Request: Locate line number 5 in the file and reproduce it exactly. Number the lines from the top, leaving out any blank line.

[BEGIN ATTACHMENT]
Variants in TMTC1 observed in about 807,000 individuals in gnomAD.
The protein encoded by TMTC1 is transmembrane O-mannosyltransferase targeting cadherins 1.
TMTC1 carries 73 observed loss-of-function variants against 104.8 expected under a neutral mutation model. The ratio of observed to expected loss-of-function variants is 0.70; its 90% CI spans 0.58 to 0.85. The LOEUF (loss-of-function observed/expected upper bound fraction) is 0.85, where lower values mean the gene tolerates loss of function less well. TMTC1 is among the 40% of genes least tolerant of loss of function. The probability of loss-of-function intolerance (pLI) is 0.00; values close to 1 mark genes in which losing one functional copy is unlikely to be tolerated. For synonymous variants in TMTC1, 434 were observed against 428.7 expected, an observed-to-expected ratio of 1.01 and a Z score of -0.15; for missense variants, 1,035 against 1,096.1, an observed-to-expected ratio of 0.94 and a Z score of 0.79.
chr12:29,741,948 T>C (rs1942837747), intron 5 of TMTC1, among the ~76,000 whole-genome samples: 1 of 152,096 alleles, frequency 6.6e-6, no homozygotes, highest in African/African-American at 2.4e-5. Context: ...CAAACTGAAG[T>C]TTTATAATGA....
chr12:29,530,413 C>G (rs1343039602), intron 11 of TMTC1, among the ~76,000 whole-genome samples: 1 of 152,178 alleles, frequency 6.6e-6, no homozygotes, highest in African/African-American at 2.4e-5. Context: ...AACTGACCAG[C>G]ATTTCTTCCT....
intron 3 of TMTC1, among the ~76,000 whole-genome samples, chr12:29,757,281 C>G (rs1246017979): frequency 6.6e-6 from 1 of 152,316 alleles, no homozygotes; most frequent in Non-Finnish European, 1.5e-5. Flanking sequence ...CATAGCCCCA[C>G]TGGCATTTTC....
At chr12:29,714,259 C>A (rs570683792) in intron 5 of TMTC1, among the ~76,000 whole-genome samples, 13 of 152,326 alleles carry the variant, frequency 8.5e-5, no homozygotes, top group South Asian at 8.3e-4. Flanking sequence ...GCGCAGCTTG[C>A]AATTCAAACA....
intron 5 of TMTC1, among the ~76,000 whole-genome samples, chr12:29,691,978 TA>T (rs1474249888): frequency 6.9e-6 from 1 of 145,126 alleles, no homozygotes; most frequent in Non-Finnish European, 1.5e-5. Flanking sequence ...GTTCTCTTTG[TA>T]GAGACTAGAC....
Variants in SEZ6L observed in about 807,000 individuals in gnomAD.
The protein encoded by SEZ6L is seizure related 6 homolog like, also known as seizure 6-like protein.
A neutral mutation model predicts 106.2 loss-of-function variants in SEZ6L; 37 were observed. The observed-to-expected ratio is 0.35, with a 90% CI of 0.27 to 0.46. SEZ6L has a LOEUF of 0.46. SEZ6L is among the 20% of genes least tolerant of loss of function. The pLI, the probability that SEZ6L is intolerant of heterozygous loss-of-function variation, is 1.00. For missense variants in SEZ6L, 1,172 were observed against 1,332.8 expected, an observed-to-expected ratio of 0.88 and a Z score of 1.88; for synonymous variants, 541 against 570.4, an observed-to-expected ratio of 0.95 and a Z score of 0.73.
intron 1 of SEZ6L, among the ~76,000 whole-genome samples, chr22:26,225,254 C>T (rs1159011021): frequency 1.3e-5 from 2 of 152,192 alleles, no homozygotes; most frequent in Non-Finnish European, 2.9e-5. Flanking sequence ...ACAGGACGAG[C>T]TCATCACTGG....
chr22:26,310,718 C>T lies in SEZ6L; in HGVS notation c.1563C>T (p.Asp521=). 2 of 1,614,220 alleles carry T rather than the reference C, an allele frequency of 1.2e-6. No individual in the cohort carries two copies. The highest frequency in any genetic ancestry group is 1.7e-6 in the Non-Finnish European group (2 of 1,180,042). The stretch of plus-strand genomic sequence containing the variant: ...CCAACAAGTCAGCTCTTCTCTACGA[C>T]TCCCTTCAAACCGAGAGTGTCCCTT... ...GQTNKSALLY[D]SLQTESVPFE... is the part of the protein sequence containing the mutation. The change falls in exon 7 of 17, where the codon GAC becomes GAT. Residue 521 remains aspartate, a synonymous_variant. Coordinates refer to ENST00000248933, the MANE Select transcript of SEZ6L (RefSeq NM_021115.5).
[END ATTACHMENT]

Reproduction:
chr12:29,530,413 C>G (rs1343039602), intron 11 of TMTC1, among the ~76,000 whole-genome samples: 1 of 152,178 alleles, frequency 6.6e-6, no homozygotes, highest in African/African-American at 2.4e-5. Context: ...AACTGACCAG[C>G]ATTTCTTCCT....